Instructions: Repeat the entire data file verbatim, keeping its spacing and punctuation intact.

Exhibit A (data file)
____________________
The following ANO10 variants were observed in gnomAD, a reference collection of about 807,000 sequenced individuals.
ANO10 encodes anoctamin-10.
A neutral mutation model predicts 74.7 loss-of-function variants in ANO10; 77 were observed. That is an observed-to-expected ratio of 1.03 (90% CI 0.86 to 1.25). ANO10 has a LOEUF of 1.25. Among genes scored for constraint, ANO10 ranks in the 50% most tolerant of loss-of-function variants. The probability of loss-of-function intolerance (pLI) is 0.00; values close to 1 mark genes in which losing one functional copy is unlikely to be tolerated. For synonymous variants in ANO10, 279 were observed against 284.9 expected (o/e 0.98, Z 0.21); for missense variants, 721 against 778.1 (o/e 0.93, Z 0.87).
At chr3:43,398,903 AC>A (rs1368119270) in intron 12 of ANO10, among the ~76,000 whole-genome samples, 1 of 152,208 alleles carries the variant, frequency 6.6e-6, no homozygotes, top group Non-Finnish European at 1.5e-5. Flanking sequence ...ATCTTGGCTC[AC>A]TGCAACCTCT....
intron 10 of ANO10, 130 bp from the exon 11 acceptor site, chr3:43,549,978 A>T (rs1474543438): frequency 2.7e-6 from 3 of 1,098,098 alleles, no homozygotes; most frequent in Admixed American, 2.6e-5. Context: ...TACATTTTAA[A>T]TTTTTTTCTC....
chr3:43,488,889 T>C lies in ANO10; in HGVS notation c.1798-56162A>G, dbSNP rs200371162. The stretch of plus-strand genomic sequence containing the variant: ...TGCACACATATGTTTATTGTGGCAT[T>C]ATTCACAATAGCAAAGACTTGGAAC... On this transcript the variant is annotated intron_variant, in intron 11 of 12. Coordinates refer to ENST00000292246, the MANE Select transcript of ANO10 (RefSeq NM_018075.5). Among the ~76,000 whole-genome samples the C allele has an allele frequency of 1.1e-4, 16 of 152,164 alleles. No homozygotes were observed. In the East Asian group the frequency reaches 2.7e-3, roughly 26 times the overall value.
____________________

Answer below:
The following ANO10 variants were observed in gnomAD, a reference collection of about 807,000 sequenced individuals.
ANO10 encodes anoctamin-10.
A neutral mutation model predicts 74.7 loss-of-function variants in ANO10; 77 were observed. That is an observed-to-expected ratio of 1.03 (90% CI 0.86 to 1.25). ANO10 has a LOEUF of 1.25. Among genes scored for constraint, ANO10 ranks in the 50% most tolerant of loss-of-function variants. The probability of loss-of-function intolerance (pLI) is 0.00; values close to 1 mark genes in which losing one functional copy is unlikely to be tolerated. For synonymous variants in ANO10, 279 were observed against 284.9 expected (o/e 0.98, Z 0.21); for missense variants, 721 against 778.1 (o/e 0.93, Z 0.87).
At chr3:43,398,903 AC>A (rs1368119270) in intron 12 of ANO10, among the ~76,000 whole-genome samples, 1 of 152,208 alleles carries the variant, frequency 6.6e-6, no homozygotes, top group Non-Finnish European at 1.5e-5. Flanking sequence ...ATCTTGGCTC[AC>A]TGCAACCTCT....
intron 10 of ANO10, 130 bp from the exon 11 acceptor site, chr3:43,549,978 A>T (rs1474543438): frequency 2.7e-6 from 3 of 1,098,098 alleles, no homozygotes; most frequent in Admixed American, 2.6e-5. Context: ...TACATTTTAA[A>T]TTTTTTTCTC....
chr3:43,488,889 T>C lies in ANO10; in HGVS notation c.1798-56162A>G, dbSNP rs200371162. The stretch of plus-strand genomic sequence containing the variant: ...TGCACACATATGTTTATTGTGGCAT[T>C]ATTCACAATAGCAAAGACTTGGAAC... On this transcript the variant is annotated intron_variant, in intron 11 of 12. Coordinates refer to ENST00000292246, the MANE Select transcript of ANO10 (RefSeq NM_018075.5). Among the ~76,000 whole-genome samples the C allele has an allele frequency of 1.1e-4, 16 of 152,164 alleles. No homozygotes were observed. In the East Asian group the frequency reaches 2.7e-3, roughly 26 times the overall value.